);
 
  ...
  return (
    <>
      /* Assume there's some call-specific UI rendered
      along with the conditional loader */
      ...
      {showLoader && <Loader />}
      ...
    </>
  )
}
Example of useDailyEvent hook in action

Let's go through this example a bit more to show exactly how the useDailyEvent hook works.

First, we import the Daily useDailyEvent hook, which can listen for any Daily event. It accepts two parameters:

  1. The event name it should listen for
  2. The callback function that should be used when the event triggers

We also import React’s useCallback and useState hooks, which are used as well.

import { useDailyEvent } from '@daily-co/daily-react-hooks';
import React, { useCallback, useState } from ‘react’;

In our component, we can then initialize our loading state with React’s built-in useState hook.

const [showLoader, setShowLoader] = useState(false);

With that set up, we can now get to handling our Daily events. For the 'joining-meeting' event, we use useDailyEvent and pass the event name and our callback as parameters.

In the callback function, we update our local loading state to be true so we know when to render our Loader component.

  useDailyEvent(
    'joining-meeting,
    useCallback(
      () => setShowLoader(true),
      []
    )
  );

Note: The callback function passed to useDailyEvent has to be a stable reference – meaning it will not change – which can be achieved by wrapping the function with React’s useCallback hook.

We then use useDailyEvent a second time for the 'joined-meeting' event. When this is called, we know we can remove the loader and show our regular call UI (whatever that looks like in your app). Therefore, when 'joined-meeting' is triggered, we can reset our loading state in the callback to prevent the Loader component from being rendered.

  useDailyEvent(
    'joined-meeting,
    useCallback(
      () => {
        setShowLoader(false)
        // Continue by updating your app UI to render the call UI
      },
     []
    )
  );

One of the benefits here is not needing to worry about “cleaning up” any event listeners. Typically in React, you would write your Daily event listener using the Daily on method, and then have to use the Daily off method when you are no longer listening for that event (e.g. when the call ends or the component unmounts).

Daily’s useDailyEvent hook handles all of that for you and helps avoid memory leaks. All you need to do is provide the callback function to describe what needs to happen when a specific event is triggered.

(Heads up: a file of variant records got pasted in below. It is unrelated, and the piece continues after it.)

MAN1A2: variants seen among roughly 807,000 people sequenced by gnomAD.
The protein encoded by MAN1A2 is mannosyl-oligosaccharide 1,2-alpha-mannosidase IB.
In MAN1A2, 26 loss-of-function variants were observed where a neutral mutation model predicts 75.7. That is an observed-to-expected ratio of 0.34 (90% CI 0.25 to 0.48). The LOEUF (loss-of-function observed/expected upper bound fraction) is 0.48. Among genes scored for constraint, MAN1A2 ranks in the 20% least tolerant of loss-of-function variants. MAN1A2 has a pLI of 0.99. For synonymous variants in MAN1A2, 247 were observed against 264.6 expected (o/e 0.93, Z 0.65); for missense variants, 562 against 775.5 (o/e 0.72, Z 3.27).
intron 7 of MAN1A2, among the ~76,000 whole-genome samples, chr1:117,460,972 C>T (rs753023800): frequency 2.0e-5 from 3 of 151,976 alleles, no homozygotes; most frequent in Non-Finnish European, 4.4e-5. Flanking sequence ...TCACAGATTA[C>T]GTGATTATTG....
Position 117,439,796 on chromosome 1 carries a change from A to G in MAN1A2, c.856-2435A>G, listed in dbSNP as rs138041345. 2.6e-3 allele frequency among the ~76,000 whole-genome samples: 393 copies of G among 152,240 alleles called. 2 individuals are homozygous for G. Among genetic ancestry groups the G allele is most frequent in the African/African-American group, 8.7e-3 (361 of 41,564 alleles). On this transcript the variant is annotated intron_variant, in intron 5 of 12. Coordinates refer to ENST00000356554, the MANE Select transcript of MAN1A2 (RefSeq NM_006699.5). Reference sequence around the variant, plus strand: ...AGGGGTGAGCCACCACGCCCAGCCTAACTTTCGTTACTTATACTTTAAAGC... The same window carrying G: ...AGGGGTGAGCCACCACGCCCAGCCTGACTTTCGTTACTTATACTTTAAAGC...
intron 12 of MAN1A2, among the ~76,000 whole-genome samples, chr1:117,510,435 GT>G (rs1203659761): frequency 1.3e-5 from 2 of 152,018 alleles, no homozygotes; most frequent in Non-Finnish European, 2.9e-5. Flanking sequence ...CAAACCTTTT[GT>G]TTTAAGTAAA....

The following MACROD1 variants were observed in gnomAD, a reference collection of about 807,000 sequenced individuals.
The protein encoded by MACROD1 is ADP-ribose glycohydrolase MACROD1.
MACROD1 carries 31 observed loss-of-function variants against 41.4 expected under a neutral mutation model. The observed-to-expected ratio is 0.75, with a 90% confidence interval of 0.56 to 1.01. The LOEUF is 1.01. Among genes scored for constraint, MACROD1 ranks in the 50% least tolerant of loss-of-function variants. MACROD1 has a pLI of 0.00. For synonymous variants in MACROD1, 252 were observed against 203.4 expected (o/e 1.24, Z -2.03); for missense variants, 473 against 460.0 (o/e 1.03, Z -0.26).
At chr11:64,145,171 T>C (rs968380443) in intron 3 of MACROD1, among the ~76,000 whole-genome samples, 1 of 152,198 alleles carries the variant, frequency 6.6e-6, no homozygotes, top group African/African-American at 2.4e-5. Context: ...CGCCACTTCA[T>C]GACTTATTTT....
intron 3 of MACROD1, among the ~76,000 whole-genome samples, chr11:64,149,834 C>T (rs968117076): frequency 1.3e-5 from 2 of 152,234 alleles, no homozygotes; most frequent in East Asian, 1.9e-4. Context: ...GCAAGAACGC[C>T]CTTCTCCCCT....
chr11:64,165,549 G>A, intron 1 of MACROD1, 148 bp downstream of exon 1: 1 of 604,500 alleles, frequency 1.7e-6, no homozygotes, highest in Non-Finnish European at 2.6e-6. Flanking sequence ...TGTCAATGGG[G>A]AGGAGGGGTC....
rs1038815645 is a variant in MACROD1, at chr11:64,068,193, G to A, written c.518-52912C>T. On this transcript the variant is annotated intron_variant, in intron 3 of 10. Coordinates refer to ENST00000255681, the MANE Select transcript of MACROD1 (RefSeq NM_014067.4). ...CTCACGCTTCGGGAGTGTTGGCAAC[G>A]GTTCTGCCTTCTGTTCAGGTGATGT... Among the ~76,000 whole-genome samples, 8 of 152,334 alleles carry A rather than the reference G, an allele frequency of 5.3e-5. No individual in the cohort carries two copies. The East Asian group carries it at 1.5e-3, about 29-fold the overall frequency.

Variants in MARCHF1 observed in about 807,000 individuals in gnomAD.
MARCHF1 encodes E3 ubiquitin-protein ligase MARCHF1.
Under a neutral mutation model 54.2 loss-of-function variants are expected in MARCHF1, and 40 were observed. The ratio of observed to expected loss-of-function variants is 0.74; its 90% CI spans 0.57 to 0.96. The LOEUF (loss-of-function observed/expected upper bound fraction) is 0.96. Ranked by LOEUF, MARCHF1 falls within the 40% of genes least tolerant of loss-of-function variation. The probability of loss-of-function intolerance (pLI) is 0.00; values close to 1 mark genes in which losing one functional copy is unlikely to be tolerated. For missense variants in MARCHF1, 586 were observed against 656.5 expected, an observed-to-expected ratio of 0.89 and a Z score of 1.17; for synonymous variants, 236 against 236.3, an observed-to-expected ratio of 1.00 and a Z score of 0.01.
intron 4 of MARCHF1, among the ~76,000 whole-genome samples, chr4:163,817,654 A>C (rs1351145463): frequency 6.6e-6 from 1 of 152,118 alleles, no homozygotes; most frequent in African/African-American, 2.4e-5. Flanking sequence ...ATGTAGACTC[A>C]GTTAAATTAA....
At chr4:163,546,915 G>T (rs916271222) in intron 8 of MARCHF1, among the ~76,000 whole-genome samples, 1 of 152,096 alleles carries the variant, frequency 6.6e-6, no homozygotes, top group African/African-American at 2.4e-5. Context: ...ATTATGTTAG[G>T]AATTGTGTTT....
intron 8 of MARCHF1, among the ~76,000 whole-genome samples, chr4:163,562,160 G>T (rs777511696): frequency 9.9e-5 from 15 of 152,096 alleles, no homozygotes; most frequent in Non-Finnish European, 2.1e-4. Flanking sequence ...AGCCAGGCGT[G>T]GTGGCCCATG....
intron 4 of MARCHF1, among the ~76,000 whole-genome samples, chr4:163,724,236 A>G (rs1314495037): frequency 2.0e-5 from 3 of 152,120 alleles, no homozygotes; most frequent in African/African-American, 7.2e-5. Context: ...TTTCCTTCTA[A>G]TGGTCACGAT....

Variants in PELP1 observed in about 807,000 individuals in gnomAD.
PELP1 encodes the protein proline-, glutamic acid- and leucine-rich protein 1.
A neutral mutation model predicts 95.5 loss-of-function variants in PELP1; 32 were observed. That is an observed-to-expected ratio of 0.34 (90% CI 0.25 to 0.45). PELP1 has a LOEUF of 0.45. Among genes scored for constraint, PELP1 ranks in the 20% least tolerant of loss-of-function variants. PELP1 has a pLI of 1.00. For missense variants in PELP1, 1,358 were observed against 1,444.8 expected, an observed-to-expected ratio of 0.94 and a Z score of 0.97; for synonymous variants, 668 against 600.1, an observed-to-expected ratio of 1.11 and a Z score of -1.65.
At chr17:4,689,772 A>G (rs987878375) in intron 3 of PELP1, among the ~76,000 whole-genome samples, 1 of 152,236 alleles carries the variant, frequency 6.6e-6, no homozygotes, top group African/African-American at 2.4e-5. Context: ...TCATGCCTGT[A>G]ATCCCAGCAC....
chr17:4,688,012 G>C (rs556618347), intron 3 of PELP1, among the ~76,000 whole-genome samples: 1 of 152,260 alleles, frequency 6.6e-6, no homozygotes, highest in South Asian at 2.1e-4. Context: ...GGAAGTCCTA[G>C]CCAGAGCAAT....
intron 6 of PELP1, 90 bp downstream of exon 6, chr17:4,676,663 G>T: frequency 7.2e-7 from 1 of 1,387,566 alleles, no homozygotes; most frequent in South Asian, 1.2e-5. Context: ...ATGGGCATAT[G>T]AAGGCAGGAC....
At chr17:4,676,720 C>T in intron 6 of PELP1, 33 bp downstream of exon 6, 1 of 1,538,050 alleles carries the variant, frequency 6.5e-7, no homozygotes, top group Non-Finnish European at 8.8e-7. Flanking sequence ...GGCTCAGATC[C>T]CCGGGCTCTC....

Which aspects of daily-js are covered by Daily React Hooks?

Anything developers can do with daily-js directly can be done with Daily React Hooks.

Available custom Daily Hooks include:

  • useDaily: our core Daily Hook that returns the current call object in custom Daily apps
  • useActiveParticipant: returns the most recent/current active speaker
  • useAppMessage: provides access to sending and receiving app messages often used for features like text chat
  • useDailyEvent: accepts a callback for listening to specific Daily events
  • useDevices: returns all available information needed to list or set media devices, as well as information about their state and errors
  • useLiveStreaming: returns information about current live streams happening in the call
  • useLocalParticipant: returns the local participant in an active call
  • useMediaTrack: returns a specific participant’s track and state
  • useNetwork: returns state and information about the local user’s network quality
  • useParticipant: returns a specific participant based on the session_id provided
  • useParticipantsIds: returns a list of participant IDs that can be filtered and sorted on request
  • useReceiveSettings: returns information on the current receive settings
  • useRecording: returns state and information on a recording in progress
  • useRoom: a convenience hook for accessing the call’s room configuration, similar to the room() instance method
  • useScreenShare: returns a list of current screens being shared in the call
  • useThrottledDailyEvents: similar to useDailyEvent, this accepts a callback for a Daily event, which can be throttled with a specified timeout
  • useWaitingParticipants: returns a list of participants waiting to join a private call that requires participants to “knock” before joining

These hooks simplify many API features, but if you have to, you can always grab the call object with the useDaily hook and build as you would with daily-js directly.


Wrapping up

To learn more about Daily React Hooks and how to use them, check out our Daily React Hooks docs. We’ve added everything you’ll need to know for switching your React code over.

If you’re looking for more examples of how to use Daily React Hooks, be sure to keep an eye on our Twitter to see upcoming React demos putting them into action. In the meantime, feel free to reach out to our support team for additional information. We’re always happy to help!